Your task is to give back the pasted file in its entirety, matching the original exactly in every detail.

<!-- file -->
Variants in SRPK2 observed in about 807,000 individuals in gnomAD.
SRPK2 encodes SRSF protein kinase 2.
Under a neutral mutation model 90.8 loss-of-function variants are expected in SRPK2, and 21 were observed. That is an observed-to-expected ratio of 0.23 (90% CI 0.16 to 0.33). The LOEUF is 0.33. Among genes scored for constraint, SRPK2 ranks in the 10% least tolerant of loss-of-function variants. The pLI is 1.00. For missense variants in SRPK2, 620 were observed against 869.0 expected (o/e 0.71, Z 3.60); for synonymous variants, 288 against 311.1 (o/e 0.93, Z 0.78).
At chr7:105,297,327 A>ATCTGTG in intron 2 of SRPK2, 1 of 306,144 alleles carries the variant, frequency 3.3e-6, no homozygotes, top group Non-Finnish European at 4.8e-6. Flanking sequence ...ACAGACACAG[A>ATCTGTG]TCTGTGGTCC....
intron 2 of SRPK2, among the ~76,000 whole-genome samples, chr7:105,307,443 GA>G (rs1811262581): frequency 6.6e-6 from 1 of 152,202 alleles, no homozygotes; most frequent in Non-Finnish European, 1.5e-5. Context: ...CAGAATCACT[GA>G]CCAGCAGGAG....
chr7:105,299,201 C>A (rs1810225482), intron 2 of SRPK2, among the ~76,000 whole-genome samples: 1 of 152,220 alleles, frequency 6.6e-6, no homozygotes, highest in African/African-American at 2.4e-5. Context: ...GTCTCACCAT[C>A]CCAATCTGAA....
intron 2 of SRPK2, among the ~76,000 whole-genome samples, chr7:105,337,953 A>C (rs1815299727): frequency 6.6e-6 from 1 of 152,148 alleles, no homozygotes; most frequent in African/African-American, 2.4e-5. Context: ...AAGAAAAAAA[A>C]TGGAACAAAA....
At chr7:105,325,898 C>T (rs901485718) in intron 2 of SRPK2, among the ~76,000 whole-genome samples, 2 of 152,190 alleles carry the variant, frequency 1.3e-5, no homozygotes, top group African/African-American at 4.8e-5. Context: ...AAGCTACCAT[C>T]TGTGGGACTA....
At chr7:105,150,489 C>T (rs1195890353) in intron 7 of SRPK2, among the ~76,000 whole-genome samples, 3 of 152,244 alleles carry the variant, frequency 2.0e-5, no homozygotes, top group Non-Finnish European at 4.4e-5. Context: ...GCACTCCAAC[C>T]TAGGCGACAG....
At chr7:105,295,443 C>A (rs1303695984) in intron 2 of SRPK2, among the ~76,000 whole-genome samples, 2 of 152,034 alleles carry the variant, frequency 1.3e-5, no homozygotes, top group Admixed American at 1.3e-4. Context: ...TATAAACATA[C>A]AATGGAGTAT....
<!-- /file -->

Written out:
Variants in SRPK2 observed in about 807,000 individuals in gnomAD.
SRPK2 encodes SRSF protein kinase 2.
Under a neutral mutation model 90.8 loss-of-function variants are expected in SRPK2, and 21 were observed. That is an observed-to-expected ratio of 0.23 (90% CI 0.16 to 0.33). The LOEUF is 0.33. Among genes scored for constraint, SRPK2 ranks in the 10% least tolerant of loss-of-function variants. The pLI is 1.00. For missense variants in SRPK2, 620 were observed against 869.0 expected (o/e 0.71, Z 3.60); for synonymous variants, 288 against 311.1 (o/e 0.93, Z 0.78).
At chr7:105,297,327 A>ATCTGTG in intron 2 of SRPK2, 1 of 306,144 alleles carries the variant, frequency 3.3e-6, no homozygotes, top group Non-Finnish European at 4.8e-6. Flanking sequence ...ACAGACACAG[A>ATCTGTG]TCTGTGGTCC....
intron 2 of SRPK2, among the ~76,000 whole-genome samples, chr7:105,307,443 GA>G (rs1811262581): frequency 6.6e-6 from 1 of 152,202 alleles, no homozygotes; most frequent in Non-Finnish European, 1.5e-5. Context: ...CAGAATCACT[GA>G]CCAGCAGGAG....
chr7:105,299,201 C>A (rs1810225482), intron 2 of SRPK2, among the ~76,000 whole-genome samples: 1 of 152,220 alleles, frequency 6.6e-6, no homozygotes, highest in African/African-American at 2.4e-5. Context: ...GTCTCACCAT[C>A]CCAATCTGAA....
intron 2 of SRPK2, among the ~76,000 whole-genome samples, chr7:105,337,953 A>C (rs1815299727): frequency 6.6e-6 from 1 of 152,148 alleles, no homozygotes; most frequent in African/African-American, 2.4e-5. Context: ...AAGAAAAAAA[A>C]TGGAACAAAA....
At chr7:105,325,898 C>T (rs901485718) in intron 2 of SRPK2, among the ~76,000 whole-genome samples, 2 of 152,190 alleles carry the variant, frequency 1.3e-5, no homozygotes, top group African/African-American at 4.8e-5. Context: ...AAGCTACCAT[C>T]TGTGGGACTA....
At chr7:105,150,489 C>T (rs1195890353) in intron 7 of SRPK2, among the ~76,000 whole-genome samples, 3 of 152,244 alleles carry the variant, frequency 2.0e-5, no homozygotes, top group Non-Finnish European at 4.4e-5. Context: ...GCACTCCAAC[C>T]TAGGCGACAG....
At chr7:105,295,443 C>A (rs1303695984) in intron 2 of SRPK2, among the ~76,000 whole-genome samples, 2 of 152,034 alleles carry the variant, frequency 1.3e-5, no homozygotes, top group Admixed American at 1.3e-4. Context: ...TATAAACATA[C>A]AATGGAGTAT....